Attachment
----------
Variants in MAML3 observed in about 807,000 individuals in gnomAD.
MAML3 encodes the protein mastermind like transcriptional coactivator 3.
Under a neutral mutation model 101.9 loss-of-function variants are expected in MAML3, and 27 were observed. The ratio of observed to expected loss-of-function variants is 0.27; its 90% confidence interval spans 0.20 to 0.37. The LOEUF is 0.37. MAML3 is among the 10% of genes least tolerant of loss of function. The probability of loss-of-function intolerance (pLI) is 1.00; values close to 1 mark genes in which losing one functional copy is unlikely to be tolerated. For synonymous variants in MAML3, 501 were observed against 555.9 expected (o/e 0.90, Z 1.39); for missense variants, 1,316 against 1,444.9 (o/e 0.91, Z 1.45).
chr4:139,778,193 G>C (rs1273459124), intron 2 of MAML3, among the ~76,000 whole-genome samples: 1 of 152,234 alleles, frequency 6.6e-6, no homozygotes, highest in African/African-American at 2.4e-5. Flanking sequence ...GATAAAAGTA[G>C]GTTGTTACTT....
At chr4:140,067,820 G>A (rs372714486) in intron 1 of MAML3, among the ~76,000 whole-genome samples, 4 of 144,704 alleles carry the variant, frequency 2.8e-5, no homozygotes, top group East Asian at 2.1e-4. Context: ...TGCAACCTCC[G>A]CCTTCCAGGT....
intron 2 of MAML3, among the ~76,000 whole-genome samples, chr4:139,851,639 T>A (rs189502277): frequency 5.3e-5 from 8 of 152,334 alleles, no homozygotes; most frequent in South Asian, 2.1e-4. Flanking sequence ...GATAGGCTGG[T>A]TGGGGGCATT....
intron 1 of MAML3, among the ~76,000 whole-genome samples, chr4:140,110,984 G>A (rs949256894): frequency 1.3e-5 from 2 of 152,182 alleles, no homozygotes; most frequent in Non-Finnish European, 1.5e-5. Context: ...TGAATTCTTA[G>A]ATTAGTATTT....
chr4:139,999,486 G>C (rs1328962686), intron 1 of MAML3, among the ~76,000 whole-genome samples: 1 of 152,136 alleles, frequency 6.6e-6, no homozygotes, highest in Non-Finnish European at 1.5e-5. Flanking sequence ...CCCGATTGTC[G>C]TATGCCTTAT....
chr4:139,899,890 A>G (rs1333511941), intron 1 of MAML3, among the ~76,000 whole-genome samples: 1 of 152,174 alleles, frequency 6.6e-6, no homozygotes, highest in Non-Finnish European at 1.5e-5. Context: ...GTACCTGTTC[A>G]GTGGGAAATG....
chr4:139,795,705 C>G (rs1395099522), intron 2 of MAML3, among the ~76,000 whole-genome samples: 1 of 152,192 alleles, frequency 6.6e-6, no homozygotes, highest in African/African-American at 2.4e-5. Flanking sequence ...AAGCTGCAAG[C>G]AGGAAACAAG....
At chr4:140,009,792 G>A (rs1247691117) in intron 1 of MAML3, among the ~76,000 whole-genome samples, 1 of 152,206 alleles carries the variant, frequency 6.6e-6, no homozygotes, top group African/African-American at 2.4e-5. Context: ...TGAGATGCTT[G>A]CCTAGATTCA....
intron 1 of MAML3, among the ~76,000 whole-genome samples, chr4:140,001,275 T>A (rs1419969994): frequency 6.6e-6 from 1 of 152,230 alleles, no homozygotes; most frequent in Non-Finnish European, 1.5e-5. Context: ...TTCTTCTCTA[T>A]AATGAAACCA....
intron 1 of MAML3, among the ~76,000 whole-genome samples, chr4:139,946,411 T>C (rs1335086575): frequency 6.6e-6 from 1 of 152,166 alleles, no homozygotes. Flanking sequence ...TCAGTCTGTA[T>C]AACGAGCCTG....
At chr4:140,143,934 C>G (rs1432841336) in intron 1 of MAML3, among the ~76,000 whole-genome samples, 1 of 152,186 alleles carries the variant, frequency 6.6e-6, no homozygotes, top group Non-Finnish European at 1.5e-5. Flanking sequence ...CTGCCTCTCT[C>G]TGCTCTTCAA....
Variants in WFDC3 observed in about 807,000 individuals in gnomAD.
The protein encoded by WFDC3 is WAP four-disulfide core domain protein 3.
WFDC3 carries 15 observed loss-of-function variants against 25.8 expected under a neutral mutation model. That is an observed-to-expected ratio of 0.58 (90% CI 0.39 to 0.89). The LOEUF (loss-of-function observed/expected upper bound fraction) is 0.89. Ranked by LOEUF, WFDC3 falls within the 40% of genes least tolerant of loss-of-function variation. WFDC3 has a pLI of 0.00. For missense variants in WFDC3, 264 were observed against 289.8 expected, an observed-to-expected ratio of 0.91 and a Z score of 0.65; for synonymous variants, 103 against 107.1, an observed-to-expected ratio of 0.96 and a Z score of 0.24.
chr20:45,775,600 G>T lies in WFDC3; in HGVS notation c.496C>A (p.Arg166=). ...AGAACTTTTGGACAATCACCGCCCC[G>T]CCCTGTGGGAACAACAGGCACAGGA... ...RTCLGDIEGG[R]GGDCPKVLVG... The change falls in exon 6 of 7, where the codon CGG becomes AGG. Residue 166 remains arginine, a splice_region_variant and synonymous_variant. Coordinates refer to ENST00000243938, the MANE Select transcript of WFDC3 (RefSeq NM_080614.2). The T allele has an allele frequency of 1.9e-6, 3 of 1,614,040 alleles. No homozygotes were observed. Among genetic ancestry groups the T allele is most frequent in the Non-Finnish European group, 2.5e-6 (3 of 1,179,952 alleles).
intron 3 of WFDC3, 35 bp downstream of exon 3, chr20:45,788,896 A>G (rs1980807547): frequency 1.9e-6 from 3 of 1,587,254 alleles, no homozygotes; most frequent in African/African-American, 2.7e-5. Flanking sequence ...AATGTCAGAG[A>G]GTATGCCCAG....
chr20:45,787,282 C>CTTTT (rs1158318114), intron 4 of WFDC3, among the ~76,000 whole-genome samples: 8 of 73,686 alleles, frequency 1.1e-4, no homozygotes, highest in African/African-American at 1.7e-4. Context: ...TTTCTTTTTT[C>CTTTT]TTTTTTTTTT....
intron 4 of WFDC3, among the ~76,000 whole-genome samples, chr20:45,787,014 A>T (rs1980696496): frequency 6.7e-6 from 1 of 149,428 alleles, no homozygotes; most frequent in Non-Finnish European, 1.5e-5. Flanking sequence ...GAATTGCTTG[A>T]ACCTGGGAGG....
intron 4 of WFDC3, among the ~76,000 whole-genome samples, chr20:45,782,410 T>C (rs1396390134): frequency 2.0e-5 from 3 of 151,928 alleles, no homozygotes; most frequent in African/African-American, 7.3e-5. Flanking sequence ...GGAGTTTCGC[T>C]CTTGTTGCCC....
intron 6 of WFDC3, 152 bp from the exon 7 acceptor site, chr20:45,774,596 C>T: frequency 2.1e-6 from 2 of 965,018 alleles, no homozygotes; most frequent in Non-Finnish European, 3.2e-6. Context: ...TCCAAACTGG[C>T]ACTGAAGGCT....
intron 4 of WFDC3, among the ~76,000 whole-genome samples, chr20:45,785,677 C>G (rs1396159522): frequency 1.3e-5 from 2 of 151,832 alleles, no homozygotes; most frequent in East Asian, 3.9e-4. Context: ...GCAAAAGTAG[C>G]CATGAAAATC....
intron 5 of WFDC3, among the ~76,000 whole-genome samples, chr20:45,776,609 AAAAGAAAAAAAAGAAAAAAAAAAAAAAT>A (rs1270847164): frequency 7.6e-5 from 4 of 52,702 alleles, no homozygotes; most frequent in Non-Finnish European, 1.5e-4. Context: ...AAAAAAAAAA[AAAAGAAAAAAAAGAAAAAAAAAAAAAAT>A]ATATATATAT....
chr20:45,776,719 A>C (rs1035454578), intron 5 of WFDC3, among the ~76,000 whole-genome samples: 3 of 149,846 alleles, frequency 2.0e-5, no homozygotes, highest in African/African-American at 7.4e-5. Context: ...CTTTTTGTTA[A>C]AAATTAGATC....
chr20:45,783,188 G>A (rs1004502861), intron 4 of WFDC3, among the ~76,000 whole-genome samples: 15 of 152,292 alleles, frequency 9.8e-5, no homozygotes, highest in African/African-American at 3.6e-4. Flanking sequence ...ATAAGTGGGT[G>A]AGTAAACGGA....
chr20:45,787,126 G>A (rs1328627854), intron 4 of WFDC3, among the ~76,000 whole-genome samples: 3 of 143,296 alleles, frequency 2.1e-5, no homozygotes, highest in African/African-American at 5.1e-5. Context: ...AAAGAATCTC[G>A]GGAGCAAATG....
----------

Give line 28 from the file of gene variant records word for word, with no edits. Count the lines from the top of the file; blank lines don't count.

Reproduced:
chr20:45,787,126 G>A (rs1328627854), intron 4 of WFDC3, among the ~76,000 whole-genome samples: 3 of 143,296 alleles, frequency 2.1e-5, no homozygotes, highest in African/African-American at 5.1e-5. Context: ...AAAGAATCTC[G>A]GGAGCAAATG....